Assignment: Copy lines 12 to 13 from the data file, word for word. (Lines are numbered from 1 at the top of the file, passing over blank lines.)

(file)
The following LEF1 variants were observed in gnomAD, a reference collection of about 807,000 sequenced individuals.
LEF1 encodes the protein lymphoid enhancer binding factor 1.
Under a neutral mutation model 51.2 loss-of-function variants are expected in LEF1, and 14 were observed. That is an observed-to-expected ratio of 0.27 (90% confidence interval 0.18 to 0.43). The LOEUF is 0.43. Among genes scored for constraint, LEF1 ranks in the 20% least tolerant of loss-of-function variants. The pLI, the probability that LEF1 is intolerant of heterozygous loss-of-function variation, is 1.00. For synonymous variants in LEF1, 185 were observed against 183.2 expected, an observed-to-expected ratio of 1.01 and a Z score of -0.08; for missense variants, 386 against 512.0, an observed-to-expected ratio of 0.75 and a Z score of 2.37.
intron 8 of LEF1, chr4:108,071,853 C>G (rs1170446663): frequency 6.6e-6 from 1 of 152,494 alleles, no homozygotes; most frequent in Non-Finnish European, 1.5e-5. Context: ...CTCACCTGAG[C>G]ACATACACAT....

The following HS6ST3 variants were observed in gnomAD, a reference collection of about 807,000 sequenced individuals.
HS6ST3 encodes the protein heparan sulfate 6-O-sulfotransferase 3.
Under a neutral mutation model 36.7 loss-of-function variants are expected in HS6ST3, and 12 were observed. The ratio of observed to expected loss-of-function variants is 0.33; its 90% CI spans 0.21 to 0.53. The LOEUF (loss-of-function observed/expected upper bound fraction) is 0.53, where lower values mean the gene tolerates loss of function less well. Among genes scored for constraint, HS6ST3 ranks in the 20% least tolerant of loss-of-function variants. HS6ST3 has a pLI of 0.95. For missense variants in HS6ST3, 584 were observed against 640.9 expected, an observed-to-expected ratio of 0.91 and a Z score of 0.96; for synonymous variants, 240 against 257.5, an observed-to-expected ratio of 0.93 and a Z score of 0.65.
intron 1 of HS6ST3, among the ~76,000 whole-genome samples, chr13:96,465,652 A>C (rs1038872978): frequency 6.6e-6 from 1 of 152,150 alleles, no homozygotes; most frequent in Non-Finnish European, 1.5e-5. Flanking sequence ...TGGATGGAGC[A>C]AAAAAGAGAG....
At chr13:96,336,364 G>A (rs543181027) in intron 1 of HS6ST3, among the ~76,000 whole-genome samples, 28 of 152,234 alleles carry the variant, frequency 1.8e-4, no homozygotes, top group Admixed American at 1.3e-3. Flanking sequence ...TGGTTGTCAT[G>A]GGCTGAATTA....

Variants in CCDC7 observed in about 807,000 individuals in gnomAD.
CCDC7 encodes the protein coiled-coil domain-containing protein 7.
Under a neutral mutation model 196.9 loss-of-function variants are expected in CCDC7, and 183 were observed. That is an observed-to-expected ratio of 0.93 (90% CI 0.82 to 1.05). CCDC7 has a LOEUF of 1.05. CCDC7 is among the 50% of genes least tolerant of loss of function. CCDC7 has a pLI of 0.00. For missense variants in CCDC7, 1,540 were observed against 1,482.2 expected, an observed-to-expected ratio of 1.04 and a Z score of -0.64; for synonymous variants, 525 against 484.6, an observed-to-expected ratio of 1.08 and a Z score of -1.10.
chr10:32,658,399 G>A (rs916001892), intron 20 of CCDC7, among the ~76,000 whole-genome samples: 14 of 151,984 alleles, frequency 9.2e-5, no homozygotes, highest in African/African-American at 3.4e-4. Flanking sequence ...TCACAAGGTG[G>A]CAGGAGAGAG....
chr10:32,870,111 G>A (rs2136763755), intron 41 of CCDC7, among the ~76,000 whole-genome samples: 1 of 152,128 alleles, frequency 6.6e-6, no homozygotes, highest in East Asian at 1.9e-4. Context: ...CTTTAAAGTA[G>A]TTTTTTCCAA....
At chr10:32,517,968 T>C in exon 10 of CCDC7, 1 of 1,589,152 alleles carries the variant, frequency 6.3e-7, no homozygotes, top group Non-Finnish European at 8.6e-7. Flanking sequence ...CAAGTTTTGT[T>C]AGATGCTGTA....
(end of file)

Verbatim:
Under a neutral mutation model 196.9 loss-of-function variants are expected in CCDC7, and 183 were observed. That is an observed-to-expected ratio of 0.93 (90% CI 0.82 to 1.05). CCDC7 has a LOEUF of 1.05. CCDC7 is among the 50% of genes least tolerant of loss of function. CCDC7 has a pLI of 0.00. For missense variants in CCDC7, 1,540 were observed against 1,482.2 expected, an observed-to-expected ratio of 1.04 and a Z score of -0.64; for synonymous variants, 525 against 484.6, an observed-to-expected ratio of 1.08 and a Z score of -1.10.
chr10:32,658,399 G>A (rs916001892), intron 20 of CCDC7, among the ~76,000 whole-genome samples: 14 of 151,984 alleles, frequency 9.2e-5, no homozygotes, highest in African/African-American at 3.4e-4. Flanking sequence ...TCACAAGGTG[G>A]CAGGAGAGAG....